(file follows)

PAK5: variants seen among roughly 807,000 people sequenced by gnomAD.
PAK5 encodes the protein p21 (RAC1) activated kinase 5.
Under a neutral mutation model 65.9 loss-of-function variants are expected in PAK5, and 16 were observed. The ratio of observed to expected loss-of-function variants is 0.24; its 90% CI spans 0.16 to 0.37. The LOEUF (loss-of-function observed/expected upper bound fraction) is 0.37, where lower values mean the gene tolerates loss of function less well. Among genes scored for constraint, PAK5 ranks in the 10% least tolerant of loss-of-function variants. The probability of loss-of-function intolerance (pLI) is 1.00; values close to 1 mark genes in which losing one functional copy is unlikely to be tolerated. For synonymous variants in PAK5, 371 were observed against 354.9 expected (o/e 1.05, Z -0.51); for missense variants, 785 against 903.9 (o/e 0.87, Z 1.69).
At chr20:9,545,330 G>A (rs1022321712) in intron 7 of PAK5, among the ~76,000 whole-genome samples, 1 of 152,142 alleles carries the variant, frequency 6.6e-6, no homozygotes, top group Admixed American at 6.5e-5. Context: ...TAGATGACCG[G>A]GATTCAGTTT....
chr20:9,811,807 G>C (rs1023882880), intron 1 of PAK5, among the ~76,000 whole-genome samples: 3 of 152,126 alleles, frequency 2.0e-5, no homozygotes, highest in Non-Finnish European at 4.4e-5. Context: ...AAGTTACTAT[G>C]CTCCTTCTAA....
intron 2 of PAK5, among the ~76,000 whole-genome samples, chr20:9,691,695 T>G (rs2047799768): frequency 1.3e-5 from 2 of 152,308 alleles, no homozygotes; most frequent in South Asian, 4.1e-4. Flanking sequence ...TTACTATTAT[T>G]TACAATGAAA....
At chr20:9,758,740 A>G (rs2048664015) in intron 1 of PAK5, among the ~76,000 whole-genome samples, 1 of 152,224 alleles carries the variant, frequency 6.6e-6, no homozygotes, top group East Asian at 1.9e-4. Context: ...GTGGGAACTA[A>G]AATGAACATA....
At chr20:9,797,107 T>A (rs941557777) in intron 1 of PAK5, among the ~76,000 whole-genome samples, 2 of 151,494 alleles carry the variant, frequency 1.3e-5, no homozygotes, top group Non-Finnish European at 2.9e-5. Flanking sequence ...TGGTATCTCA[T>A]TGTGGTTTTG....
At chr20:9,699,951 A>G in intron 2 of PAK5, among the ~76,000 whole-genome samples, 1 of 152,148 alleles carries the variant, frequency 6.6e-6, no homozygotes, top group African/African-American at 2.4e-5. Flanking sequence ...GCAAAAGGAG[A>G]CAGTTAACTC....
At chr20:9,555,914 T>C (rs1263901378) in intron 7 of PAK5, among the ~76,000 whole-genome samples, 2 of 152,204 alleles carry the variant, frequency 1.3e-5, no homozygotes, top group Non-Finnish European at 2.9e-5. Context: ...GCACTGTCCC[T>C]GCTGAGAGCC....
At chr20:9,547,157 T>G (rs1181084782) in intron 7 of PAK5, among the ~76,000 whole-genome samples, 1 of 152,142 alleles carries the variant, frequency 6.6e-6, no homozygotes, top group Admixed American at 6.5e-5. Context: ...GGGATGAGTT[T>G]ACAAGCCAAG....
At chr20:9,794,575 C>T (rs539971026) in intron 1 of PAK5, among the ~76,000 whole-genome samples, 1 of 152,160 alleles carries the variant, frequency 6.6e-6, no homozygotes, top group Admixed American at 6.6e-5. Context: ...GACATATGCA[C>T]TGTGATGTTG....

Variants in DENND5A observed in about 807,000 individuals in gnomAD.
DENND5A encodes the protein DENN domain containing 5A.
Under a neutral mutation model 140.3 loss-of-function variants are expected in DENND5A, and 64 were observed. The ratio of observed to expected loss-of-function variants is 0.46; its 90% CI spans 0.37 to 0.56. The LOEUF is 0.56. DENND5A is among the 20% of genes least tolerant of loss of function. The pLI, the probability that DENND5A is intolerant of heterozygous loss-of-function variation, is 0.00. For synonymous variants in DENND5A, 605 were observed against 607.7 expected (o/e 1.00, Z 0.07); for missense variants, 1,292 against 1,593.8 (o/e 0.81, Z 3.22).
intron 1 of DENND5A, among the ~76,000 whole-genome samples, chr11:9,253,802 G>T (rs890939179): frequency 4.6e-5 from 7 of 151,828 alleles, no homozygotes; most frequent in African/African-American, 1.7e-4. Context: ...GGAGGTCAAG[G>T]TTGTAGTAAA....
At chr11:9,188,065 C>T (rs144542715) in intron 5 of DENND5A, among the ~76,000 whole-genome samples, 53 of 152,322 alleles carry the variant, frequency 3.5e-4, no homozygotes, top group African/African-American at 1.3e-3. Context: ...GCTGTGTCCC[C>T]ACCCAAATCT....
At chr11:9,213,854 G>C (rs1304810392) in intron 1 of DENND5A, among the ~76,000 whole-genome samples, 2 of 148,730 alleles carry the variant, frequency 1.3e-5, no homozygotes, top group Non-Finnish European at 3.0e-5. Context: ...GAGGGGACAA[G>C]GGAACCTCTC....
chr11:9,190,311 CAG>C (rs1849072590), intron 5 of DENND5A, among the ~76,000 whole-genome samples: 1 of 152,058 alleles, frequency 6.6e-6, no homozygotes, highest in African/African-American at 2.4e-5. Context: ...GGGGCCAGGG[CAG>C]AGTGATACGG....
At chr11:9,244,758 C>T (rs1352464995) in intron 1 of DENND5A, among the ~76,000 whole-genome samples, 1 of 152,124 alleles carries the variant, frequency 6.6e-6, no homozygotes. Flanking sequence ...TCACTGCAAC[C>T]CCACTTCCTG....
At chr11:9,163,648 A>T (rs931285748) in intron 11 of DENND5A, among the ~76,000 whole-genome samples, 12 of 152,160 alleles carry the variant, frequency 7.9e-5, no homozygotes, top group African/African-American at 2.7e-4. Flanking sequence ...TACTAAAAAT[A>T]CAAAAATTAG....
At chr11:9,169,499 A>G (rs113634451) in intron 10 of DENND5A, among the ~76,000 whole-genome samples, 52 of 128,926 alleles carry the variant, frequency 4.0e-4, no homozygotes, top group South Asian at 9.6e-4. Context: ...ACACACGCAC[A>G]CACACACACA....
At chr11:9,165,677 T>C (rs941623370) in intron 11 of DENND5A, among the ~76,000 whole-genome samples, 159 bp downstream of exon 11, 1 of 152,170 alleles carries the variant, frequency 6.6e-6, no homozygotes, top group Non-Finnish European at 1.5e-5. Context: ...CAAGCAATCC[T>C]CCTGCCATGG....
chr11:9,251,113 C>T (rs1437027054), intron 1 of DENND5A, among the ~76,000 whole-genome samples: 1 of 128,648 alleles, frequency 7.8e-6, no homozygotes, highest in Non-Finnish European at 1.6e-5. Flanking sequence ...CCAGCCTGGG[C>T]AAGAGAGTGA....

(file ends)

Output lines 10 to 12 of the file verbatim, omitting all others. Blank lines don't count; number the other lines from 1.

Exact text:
At chr20:9,555,914 T>C (rs1263901378) in intron 7 of PAK5, among the ~76,000 whole-genome samples, 2 of 152,204 alleles carry the variant, frequency 1.3e-5, no homozygotes, top group Non-Finnish European at 2.9e-5. Context: ...GCACTGTCCC[T>C]GCTGAGAGCC....
At chr20:9,547,157 T>G (rs1181084782) in intron 7 of PAK5, among the ~76,000 whole-genome samples, 1 of 152,142 alleles carries the variant, frequency 6.6e-6, no homozygotes, top group Admixed American at 6.5e-5. Context: ...GGGATGAGTT[T>G]ACAAGCCAAG....
At chr20:9,794,575 C>T (rs539971026) in intron 1 of PAK5, among the ~76,000 whole-genome samples, 1 of 152,160 alleles carries the variant, frequency 6.6e-6, no homozygotes, top group Admixed American at 6.6e-5. Context: ...GACATATGCA[C>T]TGTGATGTTG....